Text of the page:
Once the device you want to beam music from is connected to one of the speakers, all you have to do is hit the Group button to link the rest of the gear. During the demo, it really was quick and easy. There are color indicators to let you know which unit is the master and which ones are simply amplifying the sound. When everything is linked, you're ready to fire up Spotify, Apple Music, Tidal or any other app you use to spin tunes.
If you're still hanging on to that CD collection, the BM50 in the izzy series will play those discs and house a radio tuner, too. Sure, most folks don't use either of those two methods at home these days, but for those who do, it's available. And yes, CD tracks and radio broadcasts can be beamed to the other speakers. In terms of controls, Philips once again kept it simple. There's a play/pause button and a metal volume knob on the BM5 and BM7 speakers, and the BM6 has buttons for level changes. The BM6 is slightly different because you can use it as a portable wireless speaker. It's also IPX4-rated, so you can take it in the kitchen or to the park without the worry a splash of water will ruin it.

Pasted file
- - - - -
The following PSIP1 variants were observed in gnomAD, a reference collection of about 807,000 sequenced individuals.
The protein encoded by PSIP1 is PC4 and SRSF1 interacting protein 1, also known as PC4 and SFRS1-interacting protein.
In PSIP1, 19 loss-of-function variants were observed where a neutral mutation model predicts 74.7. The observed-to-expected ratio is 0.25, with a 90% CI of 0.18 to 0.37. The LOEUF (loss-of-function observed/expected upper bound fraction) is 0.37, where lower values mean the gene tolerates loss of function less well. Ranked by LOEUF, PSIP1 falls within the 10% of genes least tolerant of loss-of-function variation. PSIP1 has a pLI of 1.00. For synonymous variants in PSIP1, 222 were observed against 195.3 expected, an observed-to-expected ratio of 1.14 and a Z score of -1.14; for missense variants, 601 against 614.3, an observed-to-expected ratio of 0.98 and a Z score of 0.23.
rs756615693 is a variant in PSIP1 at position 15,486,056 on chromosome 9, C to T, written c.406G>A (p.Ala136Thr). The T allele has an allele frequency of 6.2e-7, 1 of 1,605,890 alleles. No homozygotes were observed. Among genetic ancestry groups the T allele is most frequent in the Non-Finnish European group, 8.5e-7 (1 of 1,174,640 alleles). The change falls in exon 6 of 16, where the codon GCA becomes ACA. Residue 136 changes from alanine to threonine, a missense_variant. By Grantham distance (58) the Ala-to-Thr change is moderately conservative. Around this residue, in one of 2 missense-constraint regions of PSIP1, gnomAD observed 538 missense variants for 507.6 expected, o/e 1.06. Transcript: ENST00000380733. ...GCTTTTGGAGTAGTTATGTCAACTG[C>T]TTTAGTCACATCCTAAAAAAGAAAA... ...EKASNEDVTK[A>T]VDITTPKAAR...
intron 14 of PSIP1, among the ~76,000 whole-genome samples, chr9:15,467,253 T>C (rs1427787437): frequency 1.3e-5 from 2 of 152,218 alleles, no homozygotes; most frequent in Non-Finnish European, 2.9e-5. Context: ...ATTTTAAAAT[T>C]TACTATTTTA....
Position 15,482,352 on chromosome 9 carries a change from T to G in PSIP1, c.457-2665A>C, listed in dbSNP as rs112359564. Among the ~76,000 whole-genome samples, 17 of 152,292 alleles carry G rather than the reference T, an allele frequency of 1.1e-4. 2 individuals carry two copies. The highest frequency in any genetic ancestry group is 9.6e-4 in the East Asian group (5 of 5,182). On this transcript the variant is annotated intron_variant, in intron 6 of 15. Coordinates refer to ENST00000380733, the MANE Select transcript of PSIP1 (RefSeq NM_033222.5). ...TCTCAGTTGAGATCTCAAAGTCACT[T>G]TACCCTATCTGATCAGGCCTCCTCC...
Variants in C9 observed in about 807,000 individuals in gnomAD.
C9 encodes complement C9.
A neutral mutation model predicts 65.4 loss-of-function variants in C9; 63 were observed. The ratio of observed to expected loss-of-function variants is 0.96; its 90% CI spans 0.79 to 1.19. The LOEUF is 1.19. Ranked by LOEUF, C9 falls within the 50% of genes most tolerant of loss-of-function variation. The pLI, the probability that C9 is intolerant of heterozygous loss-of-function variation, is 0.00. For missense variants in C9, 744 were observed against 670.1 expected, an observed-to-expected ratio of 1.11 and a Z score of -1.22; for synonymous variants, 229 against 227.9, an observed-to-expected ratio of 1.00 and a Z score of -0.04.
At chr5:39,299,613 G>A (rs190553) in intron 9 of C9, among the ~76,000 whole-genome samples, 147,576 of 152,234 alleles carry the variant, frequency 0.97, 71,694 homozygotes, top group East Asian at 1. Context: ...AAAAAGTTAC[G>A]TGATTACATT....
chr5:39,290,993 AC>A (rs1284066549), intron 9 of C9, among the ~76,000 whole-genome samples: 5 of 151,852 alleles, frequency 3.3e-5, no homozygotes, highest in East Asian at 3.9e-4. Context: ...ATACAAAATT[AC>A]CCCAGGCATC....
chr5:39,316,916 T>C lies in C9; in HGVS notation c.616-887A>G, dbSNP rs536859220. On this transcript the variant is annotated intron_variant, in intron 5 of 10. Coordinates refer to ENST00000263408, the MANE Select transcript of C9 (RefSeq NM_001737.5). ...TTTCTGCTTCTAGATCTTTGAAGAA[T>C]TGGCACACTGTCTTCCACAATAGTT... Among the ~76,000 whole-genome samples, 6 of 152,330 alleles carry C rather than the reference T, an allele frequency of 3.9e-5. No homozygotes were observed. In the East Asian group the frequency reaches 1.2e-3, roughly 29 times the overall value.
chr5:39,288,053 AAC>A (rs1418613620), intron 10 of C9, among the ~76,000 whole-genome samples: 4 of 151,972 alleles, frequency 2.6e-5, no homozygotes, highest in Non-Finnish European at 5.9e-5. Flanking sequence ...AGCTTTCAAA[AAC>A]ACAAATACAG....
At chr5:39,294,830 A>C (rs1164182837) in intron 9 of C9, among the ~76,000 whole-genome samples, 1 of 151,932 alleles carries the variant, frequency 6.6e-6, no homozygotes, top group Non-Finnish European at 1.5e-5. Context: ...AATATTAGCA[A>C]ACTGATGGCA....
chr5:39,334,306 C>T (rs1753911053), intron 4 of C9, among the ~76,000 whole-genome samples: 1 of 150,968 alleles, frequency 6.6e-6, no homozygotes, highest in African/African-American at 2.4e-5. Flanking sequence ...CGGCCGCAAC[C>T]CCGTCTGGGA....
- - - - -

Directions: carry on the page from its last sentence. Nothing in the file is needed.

Unfortunately, I can't speak to the sound quality because my demo took place in a noisy CES tent. However, I can say that using the system did indeed seem quite simple and easy to use. It's just like using a Bluetooth device, only these speakers allow for multiroom audio without have to jump into a dedicated app. I'm not sure that'll be an issue for folks who are familiar with similar gear like Sonos and Sony's speakers, but I can see how it could help the less tech savvy. Of course, you have to settle for Bluetooth quality, as these gadgets don't support the likes of Google Cast or Spotify Connect for better audio. If you can live with that caveat, the BM5 is available now for $130, but you'll have to wait until the spring to get a hold of the rest.